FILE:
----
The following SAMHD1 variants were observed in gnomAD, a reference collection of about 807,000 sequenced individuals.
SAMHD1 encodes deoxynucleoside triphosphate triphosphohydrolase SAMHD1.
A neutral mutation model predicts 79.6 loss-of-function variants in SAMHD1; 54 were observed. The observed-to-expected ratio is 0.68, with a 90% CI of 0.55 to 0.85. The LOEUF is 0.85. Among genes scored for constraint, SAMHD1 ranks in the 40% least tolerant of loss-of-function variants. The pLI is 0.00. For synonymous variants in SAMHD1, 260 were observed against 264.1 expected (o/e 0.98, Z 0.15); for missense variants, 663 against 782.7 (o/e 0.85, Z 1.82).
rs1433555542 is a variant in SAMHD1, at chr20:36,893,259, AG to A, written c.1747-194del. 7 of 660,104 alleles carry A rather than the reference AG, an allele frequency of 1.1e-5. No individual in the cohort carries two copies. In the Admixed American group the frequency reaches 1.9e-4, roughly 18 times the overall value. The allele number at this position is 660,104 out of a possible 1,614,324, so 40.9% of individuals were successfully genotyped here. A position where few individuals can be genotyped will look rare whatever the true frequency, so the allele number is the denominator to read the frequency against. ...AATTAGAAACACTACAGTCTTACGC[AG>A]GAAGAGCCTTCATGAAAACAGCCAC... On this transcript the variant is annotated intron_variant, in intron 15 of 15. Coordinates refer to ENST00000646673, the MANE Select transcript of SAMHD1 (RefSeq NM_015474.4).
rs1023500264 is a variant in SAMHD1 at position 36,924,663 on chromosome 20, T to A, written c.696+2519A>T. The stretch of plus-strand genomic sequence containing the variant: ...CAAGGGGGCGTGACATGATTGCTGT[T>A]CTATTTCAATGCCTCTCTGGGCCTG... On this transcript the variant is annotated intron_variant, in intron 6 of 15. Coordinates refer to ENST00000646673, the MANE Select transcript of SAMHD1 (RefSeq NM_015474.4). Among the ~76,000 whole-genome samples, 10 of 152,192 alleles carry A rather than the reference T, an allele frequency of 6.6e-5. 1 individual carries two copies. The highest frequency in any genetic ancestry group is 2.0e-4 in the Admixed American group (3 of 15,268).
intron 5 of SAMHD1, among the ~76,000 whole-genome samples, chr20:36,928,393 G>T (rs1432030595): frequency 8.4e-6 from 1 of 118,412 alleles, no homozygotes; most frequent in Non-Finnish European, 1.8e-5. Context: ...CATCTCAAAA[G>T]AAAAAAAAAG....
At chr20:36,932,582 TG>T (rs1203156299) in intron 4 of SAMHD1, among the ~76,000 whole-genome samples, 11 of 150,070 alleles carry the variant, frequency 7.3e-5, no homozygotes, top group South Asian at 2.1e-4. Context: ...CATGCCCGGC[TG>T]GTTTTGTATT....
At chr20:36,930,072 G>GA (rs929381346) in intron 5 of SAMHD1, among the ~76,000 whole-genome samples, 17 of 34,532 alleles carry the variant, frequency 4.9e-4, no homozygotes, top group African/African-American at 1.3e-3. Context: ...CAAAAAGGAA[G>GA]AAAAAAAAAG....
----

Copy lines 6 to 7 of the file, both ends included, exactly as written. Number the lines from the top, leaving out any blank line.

intron 5 of SAMHD1, among the ~76,000 whole-genome samples, chr20:36,928,393 G>T (rs1432030595): frequency 8.4e-6 from 1 of 118,412 alleles, no homozygotes; most frequent in Non-Finnish European, 1.8e-5. Context: ...CATCTCAAAA[G>T]AAAAAAAAAG....
At chr20:36,932,582 TG>T (rs1203156299) in intron 4 of SAMHD1, among the ~76,000 whole-genome samples, 11 of 150,070 alleles carry the variant, frequency 7.3e-5, no homozygotes, top group South Asian at 2.1e-4. Context: ...CATGCCCGGC[TG>T]GTTTTGTATT....